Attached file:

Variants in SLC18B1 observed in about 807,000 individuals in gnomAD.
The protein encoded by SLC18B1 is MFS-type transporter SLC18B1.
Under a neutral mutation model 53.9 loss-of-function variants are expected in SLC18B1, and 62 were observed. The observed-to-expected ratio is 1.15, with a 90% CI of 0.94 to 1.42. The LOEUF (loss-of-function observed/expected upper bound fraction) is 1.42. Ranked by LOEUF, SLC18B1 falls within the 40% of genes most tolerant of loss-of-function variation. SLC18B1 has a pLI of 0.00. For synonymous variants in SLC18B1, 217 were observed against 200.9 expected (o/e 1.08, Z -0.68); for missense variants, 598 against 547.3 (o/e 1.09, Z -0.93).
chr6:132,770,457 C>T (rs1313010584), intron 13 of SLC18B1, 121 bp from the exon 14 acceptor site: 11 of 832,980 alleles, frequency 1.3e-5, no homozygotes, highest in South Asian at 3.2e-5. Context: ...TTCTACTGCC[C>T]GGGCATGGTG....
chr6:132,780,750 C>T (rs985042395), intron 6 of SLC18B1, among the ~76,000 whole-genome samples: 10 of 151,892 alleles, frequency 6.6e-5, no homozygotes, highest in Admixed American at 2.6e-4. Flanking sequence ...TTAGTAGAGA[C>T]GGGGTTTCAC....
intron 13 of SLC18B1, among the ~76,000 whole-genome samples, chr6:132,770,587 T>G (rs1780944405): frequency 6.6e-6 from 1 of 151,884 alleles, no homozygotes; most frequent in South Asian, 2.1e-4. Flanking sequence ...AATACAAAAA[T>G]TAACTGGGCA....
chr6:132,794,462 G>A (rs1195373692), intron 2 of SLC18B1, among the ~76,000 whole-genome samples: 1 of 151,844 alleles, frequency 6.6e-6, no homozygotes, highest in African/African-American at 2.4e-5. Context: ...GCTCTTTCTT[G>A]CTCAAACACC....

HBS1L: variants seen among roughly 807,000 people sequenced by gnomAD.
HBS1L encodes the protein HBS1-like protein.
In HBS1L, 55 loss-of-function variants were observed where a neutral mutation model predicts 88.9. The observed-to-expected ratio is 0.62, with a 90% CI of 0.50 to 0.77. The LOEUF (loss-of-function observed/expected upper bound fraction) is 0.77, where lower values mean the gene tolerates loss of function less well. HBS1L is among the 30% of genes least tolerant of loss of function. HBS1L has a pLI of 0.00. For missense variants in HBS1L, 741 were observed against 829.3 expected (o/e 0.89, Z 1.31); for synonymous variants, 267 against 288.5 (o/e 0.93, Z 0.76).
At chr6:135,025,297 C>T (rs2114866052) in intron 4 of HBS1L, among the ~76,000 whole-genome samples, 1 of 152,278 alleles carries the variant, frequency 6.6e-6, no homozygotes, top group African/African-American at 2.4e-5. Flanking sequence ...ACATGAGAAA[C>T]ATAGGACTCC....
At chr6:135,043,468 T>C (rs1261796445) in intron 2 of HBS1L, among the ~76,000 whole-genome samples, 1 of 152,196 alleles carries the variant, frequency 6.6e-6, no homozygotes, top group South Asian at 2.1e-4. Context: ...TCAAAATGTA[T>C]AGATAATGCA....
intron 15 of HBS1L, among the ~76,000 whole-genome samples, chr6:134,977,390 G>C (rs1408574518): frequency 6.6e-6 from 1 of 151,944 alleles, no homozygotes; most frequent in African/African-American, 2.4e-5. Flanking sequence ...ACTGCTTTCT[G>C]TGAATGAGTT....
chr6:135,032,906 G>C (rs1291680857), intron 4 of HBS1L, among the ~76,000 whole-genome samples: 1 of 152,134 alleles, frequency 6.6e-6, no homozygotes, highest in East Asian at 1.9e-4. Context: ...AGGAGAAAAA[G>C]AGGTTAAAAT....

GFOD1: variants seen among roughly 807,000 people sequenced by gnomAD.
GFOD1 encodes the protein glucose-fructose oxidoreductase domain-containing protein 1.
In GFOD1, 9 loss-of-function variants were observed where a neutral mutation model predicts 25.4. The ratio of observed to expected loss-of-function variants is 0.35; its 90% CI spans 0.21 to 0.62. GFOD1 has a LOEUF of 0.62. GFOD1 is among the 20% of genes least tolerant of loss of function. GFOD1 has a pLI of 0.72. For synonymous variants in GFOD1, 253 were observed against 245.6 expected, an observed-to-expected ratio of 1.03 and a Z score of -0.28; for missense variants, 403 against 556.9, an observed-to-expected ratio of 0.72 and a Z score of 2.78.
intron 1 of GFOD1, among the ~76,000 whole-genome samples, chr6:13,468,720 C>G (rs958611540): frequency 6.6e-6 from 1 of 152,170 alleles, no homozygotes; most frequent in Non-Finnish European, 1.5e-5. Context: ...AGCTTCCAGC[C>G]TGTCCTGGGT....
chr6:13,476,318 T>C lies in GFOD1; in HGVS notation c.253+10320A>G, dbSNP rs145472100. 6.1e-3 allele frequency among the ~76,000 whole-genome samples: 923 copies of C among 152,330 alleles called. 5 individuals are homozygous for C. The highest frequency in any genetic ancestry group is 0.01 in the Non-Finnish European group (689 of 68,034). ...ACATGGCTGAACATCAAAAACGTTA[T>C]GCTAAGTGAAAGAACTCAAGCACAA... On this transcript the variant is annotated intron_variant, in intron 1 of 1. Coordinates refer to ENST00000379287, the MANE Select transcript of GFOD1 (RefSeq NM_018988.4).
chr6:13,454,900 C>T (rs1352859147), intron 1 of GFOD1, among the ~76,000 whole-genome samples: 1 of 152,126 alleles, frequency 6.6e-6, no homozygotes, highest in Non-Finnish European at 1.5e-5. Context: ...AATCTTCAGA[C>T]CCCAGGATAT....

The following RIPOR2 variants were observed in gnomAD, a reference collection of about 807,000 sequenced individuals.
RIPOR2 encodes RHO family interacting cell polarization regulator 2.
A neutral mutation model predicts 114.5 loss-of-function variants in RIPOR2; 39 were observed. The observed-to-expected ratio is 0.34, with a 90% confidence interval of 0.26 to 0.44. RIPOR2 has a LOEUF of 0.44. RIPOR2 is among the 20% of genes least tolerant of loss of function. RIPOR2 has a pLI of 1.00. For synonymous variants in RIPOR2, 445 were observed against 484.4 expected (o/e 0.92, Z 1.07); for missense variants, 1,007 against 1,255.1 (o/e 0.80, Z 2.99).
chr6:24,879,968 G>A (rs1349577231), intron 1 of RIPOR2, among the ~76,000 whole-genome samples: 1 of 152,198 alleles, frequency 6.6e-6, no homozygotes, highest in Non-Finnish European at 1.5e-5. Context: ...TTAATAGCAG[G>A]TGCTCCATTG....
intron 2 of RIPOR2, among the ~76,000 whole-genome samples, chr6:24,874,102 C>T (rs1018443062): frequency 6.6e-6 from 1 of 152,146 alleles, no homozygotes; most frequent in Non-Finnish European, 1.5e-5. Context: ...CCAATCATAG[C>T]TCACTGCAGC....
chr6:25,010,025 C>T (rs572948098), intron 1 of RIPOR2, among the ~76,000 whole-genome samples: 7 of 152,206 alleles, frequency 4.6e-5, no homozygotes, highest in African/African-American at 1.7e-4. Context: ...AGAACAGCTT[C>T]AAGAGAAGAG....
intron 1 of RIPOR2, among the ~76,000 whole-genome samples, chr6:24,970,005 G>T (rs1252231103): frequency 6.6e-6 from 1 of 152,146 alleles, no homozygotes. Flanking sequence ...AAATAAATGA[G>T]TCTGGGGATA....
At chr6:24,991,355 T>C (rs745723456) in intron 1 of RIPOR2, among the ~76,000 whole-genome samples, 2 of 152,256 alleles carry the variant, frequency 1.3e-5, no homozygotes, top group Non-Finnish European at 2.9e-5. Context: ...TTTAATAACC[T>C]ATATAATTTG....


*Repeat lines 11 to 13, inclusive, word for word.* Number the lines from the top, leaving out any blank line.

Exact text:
At chr6:135,025,297 C>T (rs2114866052) in intron 4 of HBS1L, among the ~76,000 whole-genome samples, 1 of 152,278 alleles carries the variant, frequency 6.6e-6, no homozygotes, top group African/African-American at 2.4e-5. Flanking sequence ...ACATGAGAAA[C>T]ATAGGACTCC....
At chr6:135,043,468 T>C (rs1261796445) in intron 2 of HBS1L, among the ~76,000 whole-genome samples, 1 of 152,196 alleles carries the variant, frequency 6.6e-6, no homozygotes, top group South Asian at 2.1e-4. Context: ...TCAAAATGTA[T>C]AGATAATGCA....
intron 15 of HBS1L, among the ~76,000 whole-genome samples, chr6:134,977,390 G>C (rs1408574518): frequency 6.6e-6 from 1 of 151,944 alleles, no homozygotes; most frequent in African/African-American, 2.4e-5. Flanking sequence ...ACTGCTTTCT[G>C]TGAATGAGTT....